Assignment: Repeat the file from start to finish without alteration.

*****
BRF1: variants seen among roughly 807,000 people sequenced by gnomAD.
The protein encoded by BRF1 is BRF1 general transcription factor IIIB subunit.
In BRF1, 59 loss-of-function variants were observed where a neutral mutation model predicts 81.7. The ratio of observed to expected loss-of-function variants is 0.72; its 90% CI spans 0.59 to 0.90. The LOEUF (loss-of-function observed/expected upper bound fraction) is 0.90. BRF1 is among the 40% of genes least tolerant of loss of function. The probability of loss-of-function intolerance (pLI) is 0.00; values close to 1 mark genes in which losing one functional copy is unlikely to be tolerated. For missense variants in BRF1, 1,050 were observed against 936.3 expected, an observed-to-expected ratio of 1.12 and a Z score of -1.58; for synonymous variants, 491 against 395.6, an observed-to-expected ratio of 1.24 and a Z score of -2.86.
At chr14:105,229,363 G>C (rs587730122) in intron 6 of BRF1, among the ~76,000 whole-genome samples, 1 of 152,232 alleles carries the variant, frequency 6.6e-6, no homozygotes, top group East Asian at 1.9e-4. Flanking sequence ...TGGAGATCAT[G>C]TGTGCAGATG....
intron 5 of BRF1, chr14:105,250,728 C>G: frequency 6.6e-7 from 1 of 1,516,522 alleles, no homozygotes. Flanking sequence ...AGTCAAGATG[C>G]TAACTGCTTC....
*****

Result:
BRF1: variants seen among roughly 807,000 people sequenced by gnomAD.
The protein encoded by BRF1 is BRF1 general transcription factor IIIB subunit.
In BRF1, 59 loss-of-function variants were observed where a neutral mutation model predicts 81.7. The ratio of observed to expected loss-of-function variants is 0.72; its 90% CI spans 0.59 to 0.90. The LOEUF (loss-of-function observed/expected upper bound fraction) is 0.90. BRF1 is among the 40% of genes least tolerant of loss of function. The probability of loss-of-function intolerance (pLI) is 0.00; values close to 1 mark genes in which losing one functional copy is unlikely to be tolerated. For missense variants in BRF1, 1,050 were observed against 936.3 expected, an observed-to-expected ratio of 1.12 and a Z score of -1.58; for synonymous variants, 491 against 395.6, an observed-to-expected ratio of 1.24 and a Z score of -2.86.
At chr14:105,229,363 G>C (rs587730122) in intron 6 of BRF1, among the ~76,000 whole-genome samples, 1 of 152,232 alleles carries the variant, frequency 6.6e-6, no homozygotes, top group East Asian at 1.9e-4. Flanking sequence ...TGGAGATCAT[G>C]TGTGCAGATG....
intron 5 of BRF1, chr14:105,250,728 C>G: frequency 6.6e-7 from 1 of 1,516,522 alleles, no homozygotes. Flanking sequence ...AGTCAAGATG[C>G]TAACTGCTTC....